Gauging threads a lost art

Author Brandt Taylor
June 19, 2024 - 02:00pm

This article is about measuring 60 degree screw threads. In particular, I will talk about using thread measuring wire gauges. This is kind of a lost art in the machine shop world, but it is a handy, accurate and versatile way to measure pitch diameters on outside threads. Three wires of the same diameter are used with a micrometer to get a measurement of the threads pitch diameter. Figure 1 shows how this is done.

A little math is required with this trick. From a machinery handbook get the major diameter range for the thread being measured. The wires come in sets of 16 or so different diameter wires. A chart accompanies the set and shows what thread pitches are measured with each wire diameter. A factor listed on the chart is added to the major diameter to get the micrometer reading that is being sought.

For example, the thread being measured in Figure 1 is 9/16-18 UNF. From the chart that comes with the wires, the 0.0395" diameter wire is selected and the factor is 0.0343. So, 0.561/0.552 major diameter + 0.034 = 0.595/0.586 micrometer reading. And there you have it. Note that the 0.0343 wires are used with any 18 pitch thread on any major diameter. The set of 48 wires that I use will measure any English thread pitch from 31/2 to 40. Like I said, thread measuring wires are versatile.

Figure 1: Three wires of the same diameter are used with a micrometer to get a measurement of the thread's pitch diameter.
Figure 1: Three wires of the same diameter are used with a micrometer to get a measurement of the thread's pitch diameter. Image courtesy of  B. Taylor

This thread is being made on a lathe with a single point tool and gauged in process.

The wires are placed against the flanks of the thread, two wires beside each other on top of the thread, and one wire is placed on the bottom side of the thread in the thread groove radially between the first two wires. The micrometer holds the wires to the thread and measures the distance between the outside surfaces of the wires.

The process is simple and takes just a little manual dexterity. First adjust the mike so distance between the spindle and anvil is a little bigger than the measurement range that is required. In this case something like 0.650". Put the first two wires on the top of the thread and hold them against the thread with the spindle of the mike and the barrel of the mike pointed up. Let gravity work with you. Then place the third wire in position and adjust the mike for the reading. When the barrel of the mike is perpendicular to the thread axis and stable on the part without holding it with your hand, that’s it.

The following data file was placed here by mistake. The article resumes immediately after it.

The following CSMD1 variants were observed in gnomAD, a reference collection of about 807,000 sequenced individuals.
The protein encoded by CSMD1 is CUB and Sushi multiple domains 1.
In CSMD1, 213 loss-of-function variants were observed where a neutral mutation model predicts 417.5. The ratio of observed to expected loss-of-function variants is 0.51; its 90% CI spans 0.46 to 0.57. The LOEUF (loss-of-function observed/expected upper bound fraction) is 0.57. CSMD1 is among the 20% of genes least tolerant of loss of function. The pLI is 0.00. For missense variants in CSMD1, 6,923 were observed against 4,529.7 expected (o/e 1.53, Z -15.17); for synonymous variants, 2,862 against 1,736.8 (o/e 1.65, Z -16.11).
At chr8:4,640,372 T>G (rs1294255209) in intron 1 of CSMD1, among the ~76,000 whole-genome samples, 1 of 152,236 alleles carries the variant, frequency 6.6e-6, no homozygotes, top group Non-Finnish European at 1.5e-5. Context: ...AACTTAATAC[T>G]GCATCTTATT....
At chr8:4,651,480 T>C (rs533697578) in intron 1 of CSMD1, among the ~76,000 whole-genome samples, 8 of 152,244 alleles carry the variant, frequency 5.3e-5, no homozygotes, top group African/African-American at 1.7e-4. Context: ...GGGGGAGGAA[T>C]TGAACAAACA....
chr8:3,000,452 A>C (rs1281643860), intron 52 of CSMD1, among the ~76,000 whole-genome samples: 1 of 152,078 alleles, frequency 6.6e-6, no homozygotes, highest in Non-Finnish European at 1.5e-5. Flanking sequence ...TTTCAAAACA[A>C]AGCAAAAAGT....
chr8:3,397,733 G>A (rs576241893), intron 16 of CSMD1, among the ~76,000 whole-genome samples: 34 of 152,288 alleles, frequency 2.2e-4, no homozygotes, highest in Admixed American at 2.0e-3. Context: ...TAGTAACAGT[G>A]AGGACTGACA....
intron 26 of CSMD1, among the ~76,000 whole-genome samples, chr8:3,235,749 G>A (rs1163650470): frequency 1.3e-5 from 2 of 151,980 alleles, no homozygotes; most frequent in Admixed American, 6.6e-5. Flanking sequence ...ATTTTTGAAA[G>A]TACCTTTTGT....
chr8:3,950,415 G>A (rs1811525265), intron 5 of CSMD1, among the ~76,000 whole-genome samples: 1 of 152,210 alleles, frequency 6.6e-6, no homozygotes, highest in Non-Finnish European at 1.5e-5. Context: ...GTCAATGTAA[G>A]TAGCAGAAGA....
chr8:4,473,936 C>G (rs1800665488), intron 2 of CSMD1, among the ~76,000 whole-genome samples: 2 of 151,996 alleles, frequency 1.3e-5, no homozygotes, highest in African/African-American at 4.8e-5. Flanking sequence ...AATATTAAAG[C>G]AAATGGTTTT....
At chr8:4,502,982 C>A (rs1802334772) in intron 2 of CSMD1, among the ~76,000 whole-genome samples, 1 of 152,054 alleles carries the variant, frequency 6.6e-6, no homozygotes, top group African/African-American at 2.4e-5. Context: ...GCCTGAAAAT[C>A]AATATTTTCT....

In the picture, there is a little piece of masking tape folded on the end of each wire. I find the wires easy to handle this way, but the main reason for the tape is if I drop a wire down into the chip pan in the lathe, I won’t have the needle in the haystack problem. That can be a pain. And if the lathe has a coolant sump under a screen in the chip pan, goodbye wire.

Figure 2: A go plug gauge made for a 41/2 -8" thread.
Figure 2: A go plug gauge made for a 41/2 -8" thread.

Of course, go/no-go plug or ring gauges are easier to use, but what if you need to make a thread that requires a custom gauge? Figure 2 shows a solution to that problem. It is a go plug gauge I made for a 41/2 -8" thread. I made that plug gauge on a lathe using thread wires to measure the thread.

I hope you find this information useful. 



Related Glossary Terms

  • coolant


    Fluid that reduces temperature buildup at the tool/workpiece interface during machining. Normally takes the form of a liquid such as soluble or chemical mixtures (semisynthetic, synthetic) but can be pressurized air or other gas. Because of water’s ability to absorb great quantities of heat, it is widely used as a coolant and vehicle for various cutting compounds, with the water-to-compound ratio varying with the machining task. See cutting fluid; semisynthetic cutting fluid; soluble-oil cutting fluid; synthetic cutting fluid.

  • lathe


    Turning machine capable of sawing, milling, grinding, gear-cutting, drilling, reaming, boring, threading, facing, chamfering, grooving, knurling, spinning, parting, necking, taper-cutting, and cam- and eccentric-cutting, as well as step- and straight-turning. Comes in a variety of forms, ranging from manual to semiautomatic to fully automatic, with major types being engine lathes, turning and contouring lathes, turret lathes and numerical-control lathes. The engine lathe consists of a headstock and spindle, tailstock, bed, carriage (complete with apron) and cross slides. Features include gear- (speed) and feed-selector levers, toolpost, compound rest, lead screw and reversing lead screw, threading dial and rapid-traverse lever. Special lathe types include through-the-spindle, camshaft and crankshaft, brake drum and rotor, spinning and gun-barrel machines. Toolroom and bench lathes are used for precision work; the former for tool-and-die work and similar tasks, the latter for small workpieces (instruments, watches), normally without a power feed. Models are typically designated according to their “swing,” or the largest-diameter workpiece that can be rotated; bed length, or the distance between centers; and horsepower generated. See turning machine.

  • micrometer


    A precision instrument with a spindle moved by a finely threaded screw that is used for measuring thickness and short lengths.

  • pitch


    1. On a saw blade, the number of teeth per inch. 2. In threading, the number of threads per inch.



Brandt Taylor is owner of Berlin, Massachusetts-based Taylor Engineering, a machine shop and manufacturer of lathe chuck jaws. He can be reached at For more information about the chuck jaws, visit